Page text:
If I were a carpenter...

The San Diego Chargers have three glaring needs going into the draft: a dominant pass-rusher, a playmaking lead receiver, and a youthful talent to groom for their overachieving offensive line. The Chargers, though, only have two picks in the first round, and their second-round pick is likely too low to net an impact player, especially in a weak draft class such as this one. If they hope to cross each of these areas of need off of their off-season to do list, then they will need to get creative.

Just how creative they get will depend on how the draft board falls early on April 23rd. The team will likely use both of its first-round picks on the player of greatest value left on their board who fills any of the aforementioned areas of need.

At number 12, the Chargers will likely be choosing between DE Marcus Spears, WR Troy Williamson and OT Alex Barron, with Shawne Merriman off the board. Spears has the size the play in the 3-4, and would immediately become the Chargers best pass-rushing lineman, so he should get the nod here.

At number 28, the Chargers will probably be choosing between OT Khalif Barnes and quarterback-turned-receiver Matt   Jones. Seeing as Roman Oben is on the wrong side of 30, and Hudson Houck is no longer around to work his magic, Barnes makes the most sense at this juncture, if he is available.

Under this scenario, that would be two needs down and one to go. So, here is what the Chargers should do about it. AJ Smith should call Marvin Lewis of the Bengals and trade him a sixth-round draft pick for WR Peter Warrick. Although Warrick is not a dominant lead receiver, he brings everything to the table that the Chargers are hungry for.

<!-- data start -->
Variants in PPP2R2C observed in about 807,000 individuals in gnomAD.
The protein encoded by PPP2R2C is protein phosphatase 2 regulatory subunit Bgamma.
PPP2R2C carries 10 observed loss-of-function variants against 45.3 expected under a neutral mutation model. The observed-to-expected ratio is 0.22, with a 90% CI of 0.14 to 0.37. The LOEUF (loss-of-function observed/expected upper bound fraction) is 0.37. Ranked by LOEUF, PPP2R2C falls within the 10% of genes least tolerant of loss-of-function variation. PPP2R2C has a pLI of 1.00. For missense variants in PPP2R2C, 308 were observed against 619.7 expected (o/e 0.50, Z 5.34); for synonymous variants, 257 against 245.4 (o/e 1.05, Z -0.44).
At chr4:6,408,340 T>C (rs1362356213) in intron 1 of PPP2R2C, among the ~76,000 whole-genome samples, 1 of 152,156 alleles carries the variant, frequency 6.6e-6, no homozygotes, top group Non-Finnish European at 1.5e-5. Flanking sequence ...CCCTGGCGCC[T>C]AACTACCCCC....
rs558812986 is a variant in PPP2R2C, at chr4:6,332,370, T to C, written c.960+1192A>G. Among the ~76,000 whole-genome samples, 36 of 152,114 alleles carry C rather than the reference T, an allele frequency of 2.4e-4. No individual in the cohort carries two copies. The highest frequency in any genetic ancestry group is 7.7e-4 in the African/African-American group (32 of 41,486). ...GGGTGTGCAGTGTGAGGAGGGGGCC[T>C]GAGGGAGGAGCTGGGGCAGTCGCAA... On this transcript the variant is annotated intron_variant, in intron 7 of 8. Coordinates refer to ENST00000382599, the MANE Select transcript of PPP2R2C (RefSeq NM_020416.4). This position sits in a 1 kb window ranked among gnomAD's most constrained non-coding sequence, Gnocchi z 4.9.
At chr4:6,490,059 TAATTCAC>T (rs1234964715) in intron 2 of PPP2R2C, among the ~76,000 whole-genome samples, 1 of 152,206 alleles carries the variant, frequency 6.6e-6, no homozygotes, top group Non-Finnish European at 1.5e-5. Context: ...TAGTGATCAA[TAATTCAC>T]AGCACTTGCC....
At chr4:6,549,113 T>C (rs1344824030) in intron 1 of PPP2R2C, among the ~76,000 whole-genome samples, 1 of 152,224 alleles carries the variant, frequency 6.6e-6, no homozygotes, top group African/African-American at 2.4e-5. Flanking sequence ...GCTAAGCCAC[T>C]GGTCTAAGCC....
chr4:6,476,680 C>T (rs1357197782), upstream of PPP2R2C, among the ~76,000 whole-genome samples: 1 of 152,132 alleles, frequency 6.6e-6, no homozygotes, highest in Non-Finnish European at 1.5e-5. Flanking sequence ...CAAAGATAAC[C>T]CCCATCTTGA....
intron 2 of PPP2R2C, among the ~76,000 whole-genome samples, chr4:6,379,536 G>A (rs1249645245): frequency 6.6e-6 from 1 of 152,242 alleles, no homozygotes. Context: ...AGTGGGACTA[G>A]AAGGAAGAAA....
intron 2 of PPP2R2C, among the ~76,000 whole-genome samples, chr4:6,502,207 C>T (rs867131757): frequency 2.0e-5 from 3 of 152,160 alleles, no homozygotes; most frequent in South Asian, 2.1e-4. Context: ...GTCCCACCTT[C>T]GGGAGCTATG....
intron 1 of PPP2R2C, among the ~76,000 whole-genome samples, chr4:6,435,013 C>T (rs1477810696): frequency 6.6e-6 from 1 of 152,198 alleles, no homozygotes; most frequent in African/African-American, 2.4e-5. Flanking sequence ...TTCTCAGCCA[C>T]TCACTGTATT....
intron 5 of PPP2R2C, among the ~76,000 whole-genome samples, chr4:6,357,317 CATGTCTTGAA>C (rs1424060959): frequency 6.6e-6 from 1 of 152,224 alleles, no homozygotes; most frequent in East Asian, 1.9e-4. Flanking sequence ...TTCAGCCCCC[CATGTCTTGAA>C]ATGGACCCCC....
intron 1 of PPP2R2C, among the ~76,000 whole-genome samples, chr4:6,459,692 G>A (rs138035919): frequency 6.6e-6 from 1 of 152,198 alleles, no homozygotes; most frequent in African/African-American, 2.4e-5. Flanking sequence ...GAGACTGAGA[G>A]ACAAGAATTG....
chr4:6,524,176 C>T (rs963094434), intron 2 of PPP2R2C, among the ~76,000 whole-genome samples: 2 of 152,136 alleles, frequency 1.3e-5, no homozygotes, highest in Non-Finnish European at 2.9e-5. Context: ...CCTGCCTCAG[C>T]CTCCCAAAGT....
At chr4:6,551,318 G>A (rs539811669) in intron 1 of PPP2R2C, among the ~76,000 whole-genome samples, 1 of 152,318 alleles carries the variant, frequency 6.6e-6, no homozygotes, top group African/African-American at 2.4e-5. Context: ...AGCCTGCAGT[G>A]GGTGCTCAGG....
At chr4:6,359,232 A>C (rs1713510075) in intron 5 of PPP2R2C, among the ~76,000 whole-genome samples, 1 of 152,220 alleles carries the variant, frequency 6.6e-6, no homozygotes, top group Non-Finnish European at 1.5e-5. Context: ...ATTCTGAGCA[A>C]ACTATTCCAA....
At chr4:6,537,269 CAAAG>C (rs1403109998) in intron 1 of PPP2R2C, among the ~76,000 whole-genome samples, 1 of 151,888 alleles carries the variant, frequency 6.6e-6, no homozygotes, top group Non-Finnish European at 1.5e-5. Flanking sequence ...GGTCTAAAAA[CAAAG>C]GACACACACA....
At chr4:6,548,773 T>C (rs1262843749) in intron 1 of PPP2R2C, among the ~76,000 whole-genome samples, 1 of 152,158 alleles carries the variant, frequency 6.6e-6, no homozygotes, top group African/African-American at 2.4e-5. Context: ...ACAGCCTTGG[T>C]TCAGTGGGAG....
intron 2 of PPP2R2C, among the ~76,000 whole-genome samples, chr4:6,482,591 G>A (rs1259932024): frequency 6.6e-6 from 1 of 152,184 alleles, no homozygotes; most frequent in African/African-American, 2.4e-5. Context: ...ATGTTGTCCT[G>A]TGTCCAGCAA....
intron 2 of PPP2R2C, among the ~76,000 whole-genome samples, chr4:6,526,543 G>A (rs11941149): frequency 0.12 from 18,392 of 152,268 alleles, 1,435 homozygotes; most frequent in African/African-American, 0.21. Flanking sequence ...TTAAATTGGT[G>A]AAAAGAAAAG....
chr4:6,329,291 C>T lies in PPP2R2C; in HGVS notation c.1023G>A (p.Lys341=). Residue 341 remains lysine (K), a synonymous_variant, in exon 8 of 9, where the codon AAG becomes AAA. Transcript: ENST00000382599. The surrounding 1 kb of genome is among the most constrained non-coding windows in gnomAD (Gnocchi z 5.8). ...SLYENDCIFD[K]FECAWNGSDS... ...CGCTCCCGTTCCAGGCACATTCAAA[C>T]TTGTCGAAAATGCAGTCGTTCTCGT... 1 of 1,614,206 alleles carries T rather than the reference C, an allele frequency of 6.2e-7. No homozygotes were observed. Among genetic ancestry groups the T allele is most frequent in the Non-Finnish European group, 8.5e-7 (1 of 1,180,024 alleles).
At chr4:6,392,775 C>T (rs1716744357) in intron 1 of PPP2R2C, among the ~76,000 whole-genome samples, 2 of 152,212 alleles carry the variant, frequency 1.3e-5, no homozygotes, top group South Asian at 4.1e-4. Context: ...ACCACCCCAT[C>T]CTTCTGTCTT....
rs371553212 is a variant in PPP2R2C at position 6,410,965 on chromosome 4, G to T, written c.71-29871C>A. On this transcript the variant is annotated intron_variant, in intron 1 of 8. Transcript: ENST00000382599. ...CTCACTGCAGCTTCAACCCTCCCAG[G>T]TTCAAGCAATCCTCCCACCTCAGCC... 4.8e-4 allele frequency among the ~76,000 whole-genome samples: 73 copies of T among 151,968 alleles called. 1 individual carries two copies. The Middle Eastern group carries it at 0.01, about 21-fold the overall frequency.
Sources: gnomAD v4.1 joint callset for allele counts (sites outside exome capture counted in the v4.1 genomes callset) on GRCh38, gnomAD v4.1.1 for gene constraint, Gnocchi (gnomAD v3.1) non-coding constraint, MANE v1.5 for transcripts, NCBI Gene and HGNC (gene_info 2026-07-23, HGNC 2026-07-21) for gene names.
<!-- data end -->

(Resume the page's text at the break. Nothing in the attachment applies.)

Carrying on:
Warrick still has elite speed and would instantly become the team's top deep threat. He has excellent hands, runs precise routes, and has proven himself in this league, something that cannot be said of any receiver drafted that day. Also, he can be had cheap, as the Bengals are contemplating his release anyway due to salary cap considerations. As an added bonus, the sixth-round pick that it would likely take to acquire his services is probably the pick the Chargers would spend on the kick returner for whom they have so openly pined anyway – and Warrick is an accomplished returner.

Warrick is in the last year of his contract and his base salary is still high, so a new deal would have to be worked out. Luckily, because of the Chargers enviable cap situation this could wait until after the draft. If the team offers him a three-year deal at about $3.5 million a year, he would likely jump at the security of such a contract.

Just look how well everything works out in this scenario. Marcus Spears would start alongside Jamal Williams and Igor Olshansky on what would be a dominant line, and would provide the pass rush that has been sorely lacking. Khalif Barnes could push Shane Olivea for time at right tackle, while providing the eventual replacement for the aging Oben on the left side. Warrick, meanwhile, would start opposite Keenan McCardell, giving the Chargers two proven pass catchers to play in front of ever-developing youngsters Eric Parker and Reche Caldwell. All needs are met by this plan of action, and it would reaffirm the Chargers status as the team to beat in the AFC West.

Michael Lombardo can be reached at Lombardo@sandiegosports.net

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